Adcetris

Adcetris information, interactions and side effects, ADCETRIS (brentuximab vedotin) is a CD30-directed antibody-drug conjugate (ADC) consisting of three components: 1) the chimeric IgG1 antibody cAC10, specific for human CD30, 2) the microtubule disrupting agent MMAE, and 3) a protease-cleavable linker that covalently attaches MMAE to cAC10.

adcetris

Brentuximab vedotin has an approximate molecular weight of 153 kDa. Approximately 4 molecules of MMAE are attached to each antibody molecule. Brentuximab vedotin is produced by chemical conjugation of the antibody and small molecule components. The antibody is produced by mammalian (Chinese hamster ovary) cells, and the small molecule components are produced by chemical synthesis.

ADCETRIS (brentuximab vedotin) for Injection is supplied as a sterile, white to off-white, preservative-free lyophilized cake or powder in single-use vials. Following reconstitution with 10.5 mL Sterile Water for Injection, USP, a solution containing 5 mg/mL brentuximab vedotin is produced. The reconstituted product contains 70 mg/mL trehalose dihydrate, 5.6 mg/mL sodium citrate dihydrate, 0.21 mg/mL citric acid monohydrate, and 0.20 mg/mL polysorbate 80 and water for injection. The pH is approximately 6.6.

INDICATIONS

Classical Hodgkin Lymphoma (HL)

ADCETRIS (brentuximab vedotin) is indicated for treatment of patients with classical HL after failure of autologous hematopoietic stem cell transplantation (auto-HSCT) or after failure of at least two prior multi-agent chemotherapy regimens in patients who are not auto-HSCT candidates.

Classical Hodgkin Lymphoma (HL) Post-auto-HSCT Consolidation

ADCETRIS is indicated for the treatment of patients with classical HL at high risk of relapse or progression as post-auto-HSCT consolidation.

Systemic Anaplastic Large Cell Lymphoma (sALCL)

ADCETRIS is indicated for treatment of patients with sALCL after failure of at least one prior multi-agent chemotherapy regimen.

The sALCL indication is approved under accelerated approval based on overall response rate. Continued approval for this indication may be contingent upon verification and description of clinical benefit in confirmatory trials.

DOSAGE AND ADMINISTRATION

Dosage Recommendations

Administer ADCETRIS as an intravenous infusion over 30 minutes every 3 weeks until disease progression or unacceptable toxicity. See Table 1 for the recommended starting dosage.

For classical HL post-auto-HSCT consolidation treatment, initiate ADCETRIS treatment within 4–6 weeks post-auto-HSCT or upon recovery from auto-HSCT. These patients should continue treatment until a maximum of 16 cycles, disease progression, or unacceptable toxicity.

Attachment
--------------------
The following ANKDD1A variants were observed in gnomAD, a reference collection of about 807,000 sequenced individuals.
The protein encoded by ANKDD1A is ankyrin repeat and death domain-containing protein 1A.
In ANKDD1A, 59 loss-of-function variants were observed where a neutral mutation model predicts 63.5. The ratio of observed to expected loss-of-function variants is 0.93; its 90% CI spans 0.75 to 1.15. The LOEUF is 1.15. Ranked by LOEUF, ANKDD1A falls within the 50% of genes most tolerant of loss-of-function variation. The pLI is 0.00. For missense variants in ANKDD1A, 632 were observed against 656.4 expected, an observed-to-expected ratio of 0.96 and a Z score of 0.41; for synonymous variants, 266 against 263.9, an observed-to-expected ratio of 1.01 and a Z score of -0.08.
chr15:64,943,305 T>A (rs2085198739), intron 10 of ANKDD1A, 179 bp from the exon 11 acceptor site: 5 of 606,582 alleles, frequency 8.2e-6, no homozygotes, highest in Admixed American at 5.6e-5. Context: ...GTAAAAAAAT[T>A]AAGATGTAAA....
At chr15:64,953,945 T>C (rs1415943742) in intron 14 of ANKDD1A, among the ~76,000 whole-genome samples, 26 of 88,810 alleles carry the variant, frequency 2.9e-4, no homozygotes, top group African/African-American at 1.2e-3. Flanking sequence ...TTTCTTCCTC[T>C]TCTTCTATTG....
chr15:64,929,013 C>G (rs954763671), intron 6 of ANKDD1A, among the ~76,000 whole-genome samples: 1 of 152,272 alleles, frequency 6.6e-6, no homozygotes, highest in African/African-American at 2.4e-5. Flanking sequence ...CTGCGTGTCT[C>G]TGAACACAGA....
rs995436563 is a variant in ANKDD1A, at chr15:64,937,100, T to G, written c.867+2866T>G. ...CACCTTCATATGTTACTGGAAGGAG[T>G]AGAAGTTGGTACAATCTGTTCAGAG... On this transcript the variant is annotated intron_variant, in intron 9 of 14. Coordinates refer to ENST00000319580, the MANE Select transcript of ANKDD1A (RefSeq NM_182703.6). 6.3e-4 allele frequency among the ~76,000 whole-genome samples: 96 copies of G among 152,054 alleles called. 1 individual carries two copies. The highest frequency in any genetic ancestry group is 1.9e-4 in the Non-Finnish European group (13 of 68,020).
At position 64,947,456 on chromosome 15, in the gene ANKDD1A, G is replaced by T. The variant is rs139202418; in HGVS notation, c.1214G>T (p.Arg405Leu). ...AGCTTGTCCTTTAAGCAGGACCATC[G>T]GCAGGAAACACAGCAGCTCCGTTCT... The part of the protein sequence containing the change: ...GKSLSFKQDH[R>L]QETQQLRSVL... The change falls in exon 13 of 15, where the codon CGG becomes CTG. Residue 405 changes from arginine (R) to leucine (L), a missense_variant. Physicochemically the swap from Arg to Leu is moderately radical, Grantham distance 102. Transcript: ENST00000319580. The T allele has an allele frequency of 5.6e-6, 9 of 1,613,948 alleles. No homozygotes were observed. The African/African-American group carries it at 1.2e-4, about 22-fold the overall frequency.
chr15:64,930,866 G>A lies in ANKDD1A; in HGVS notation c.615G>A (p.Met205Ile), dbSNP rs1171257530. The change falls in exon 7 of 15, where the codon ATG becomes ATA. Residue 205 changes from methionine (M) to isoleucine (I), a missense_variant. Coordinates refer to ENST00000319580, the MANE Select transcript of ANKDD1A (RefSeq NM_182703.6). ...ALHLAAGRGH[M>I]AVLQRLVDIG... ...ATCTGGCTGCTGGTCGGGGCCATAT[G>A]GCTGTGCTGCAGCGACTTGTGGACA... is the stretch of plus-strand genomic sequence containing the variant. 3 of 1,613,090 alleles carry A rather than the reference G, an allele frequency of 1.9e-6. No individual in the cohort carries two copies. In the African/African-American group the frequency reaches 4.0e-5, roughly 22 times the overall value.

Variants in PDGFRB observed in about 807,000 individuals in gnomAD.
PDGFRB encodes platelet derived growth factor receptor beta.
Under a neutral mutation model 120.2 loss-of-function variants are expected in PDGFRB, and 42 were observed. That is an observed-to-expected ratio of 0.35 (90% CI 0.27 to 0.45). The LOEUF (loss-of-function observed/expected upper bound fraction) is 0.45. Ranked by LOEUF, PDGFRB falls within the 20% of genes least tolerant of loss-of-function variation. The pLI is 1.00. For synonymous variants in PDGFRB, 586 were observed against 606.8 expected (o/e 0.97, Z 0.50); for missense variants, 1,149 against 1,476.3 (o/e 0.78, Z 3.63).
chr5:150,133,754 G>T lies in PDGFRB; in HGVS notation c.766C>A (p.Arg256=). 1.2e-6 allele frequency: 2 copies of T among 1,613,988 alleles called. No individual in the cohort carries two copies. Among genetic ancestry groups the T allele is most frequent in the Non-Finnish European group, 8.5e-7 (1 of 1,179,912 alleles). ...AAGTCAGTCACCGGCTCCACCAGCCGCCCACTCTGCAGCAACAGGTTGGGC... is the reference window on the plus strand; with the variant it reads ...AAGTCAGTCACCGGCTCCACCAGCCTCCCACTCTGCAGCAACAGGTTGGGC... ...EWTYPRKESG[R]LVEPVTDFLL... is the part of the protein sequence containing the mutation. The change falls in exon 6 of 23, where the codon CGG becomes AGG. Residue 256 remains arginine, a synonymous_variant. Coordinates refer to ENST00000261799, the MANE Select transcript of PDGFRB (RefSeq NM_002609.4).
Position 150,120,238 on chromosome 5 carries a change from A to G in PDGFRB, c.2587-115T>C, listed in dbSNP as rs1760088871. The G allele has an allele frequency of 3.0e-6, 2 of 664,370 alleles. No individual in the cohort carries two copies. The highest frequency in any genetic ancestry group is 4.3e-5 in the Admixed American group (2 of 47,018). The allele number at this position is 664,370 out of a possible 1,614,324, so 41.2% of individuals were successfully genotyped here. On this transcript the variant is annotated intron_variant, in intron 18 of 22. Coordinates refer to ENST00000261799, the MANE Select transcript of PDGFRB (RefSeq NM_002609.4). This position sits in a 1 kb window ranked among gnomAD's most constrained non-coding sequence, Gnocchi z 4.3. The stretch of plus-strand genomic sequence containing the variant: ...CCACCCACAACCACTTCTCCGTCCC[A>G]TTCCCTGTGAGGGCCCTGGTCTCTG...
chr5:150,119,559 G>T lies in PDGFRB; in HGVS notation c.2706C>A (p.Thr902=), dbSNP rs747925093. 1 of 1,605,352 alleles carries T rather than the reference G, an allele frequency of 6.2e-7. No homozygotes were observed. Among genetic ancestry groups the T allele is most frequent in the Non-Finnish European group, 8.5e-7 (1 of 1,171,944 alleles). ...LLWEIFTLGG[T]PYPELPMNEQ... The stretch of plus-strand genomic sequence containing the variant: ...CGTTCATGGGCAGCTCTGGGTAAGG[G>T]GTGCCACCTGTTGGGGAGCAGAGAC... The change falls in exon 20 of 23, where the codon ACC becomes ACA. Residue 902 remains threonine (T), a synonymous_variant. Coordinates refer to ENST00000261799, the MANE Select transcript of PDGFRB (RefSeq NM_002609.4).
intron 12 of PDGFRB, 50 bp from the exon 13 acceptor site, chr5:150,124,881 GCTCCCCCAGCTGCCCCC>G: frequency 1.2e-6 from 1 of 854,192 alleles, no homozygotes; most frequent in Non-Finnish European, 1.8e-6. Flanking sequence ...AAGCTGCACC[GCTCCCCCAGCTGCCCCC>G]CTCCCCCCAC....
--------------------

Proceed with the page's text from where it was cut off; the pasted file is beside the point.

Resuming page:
Table 1: Recommended ADCETRIS Dosage

 

Recommended Starting Dosage
Normal renal and hepatic function 1.8 mg/kg up to 180 mg
Renal impairment
  Mild (creatinine clearance > 50-80 mL/min) or moderate (creatinine clearance 30-50 mL/min) 1.8 mg/kg up to 180 mg
  Severe (creatinine clearance less than 30 mL/min) Avoid use
Hepatic impairment
  Mild (Child-Pugh A) 1.2 mg/kg up to 120 mg
  Moderate (Child-Pugh B) or severe (Child-Pugh C) Avoid use

 

Dose Modification

Peripheral Neuropathy

For new or worsening Grade 2 or 3 neuropathy, dosing should be held until neuropathy improves to Grade 1 or baseline and then restarted at 1.2 mg/kg. For Grade 4 peripheral neuropathy, ADCETRIS should be discontinued.

Neutropenia

The dose of ADCETRIS should be held for Grade 3 or 4 neutropenia until resolution to baseline or Grade 2 or lower. Consider G-CSF prophylaxis for subsequent cycles in patients who experience Grade 3 or 4 neutropenia in the previous cycle. In patients with recurrent Grade 4 neutropenia despite the use of G-CSF prophylaxis, consider discontinuation or dose reduction of ADCETRIS to 1.2 mg/kg.

Instructions For Preparation And Administration

Administration
  • Administer ADCETRIS as an intravenous infusion only.
  • Do not mix ADCETRIS with, or administer as an infusion with, other medicinal products.
Reconstitution
  • Follow procedures for proper handling and disposal of anticancer drugs.
  • Use appropriate aseptic technique for reconstitution and preparation of dosing solutions.
  • Determine the number of 50 mg vials needed based on the patient’s weight and the prescribed dose.
  • Reconstitute each 50 mg vial of ADCETRIS with 10.5 mL of Sterile Water for Injection, USP, to yield a single-use solution containing 5 mg/mL brentuximab vedotin.
  • Direct the stream toward the wall of vial and not directly at the cake or powder.
  • Gently swirl the vial to aid dissolution. DO NOT SHAKE.
  • Inspect the reconstituted solution for particulates and discoloration. The reconstituted solution should be clear to slightly opalescent, colorless, and free of visible particulates.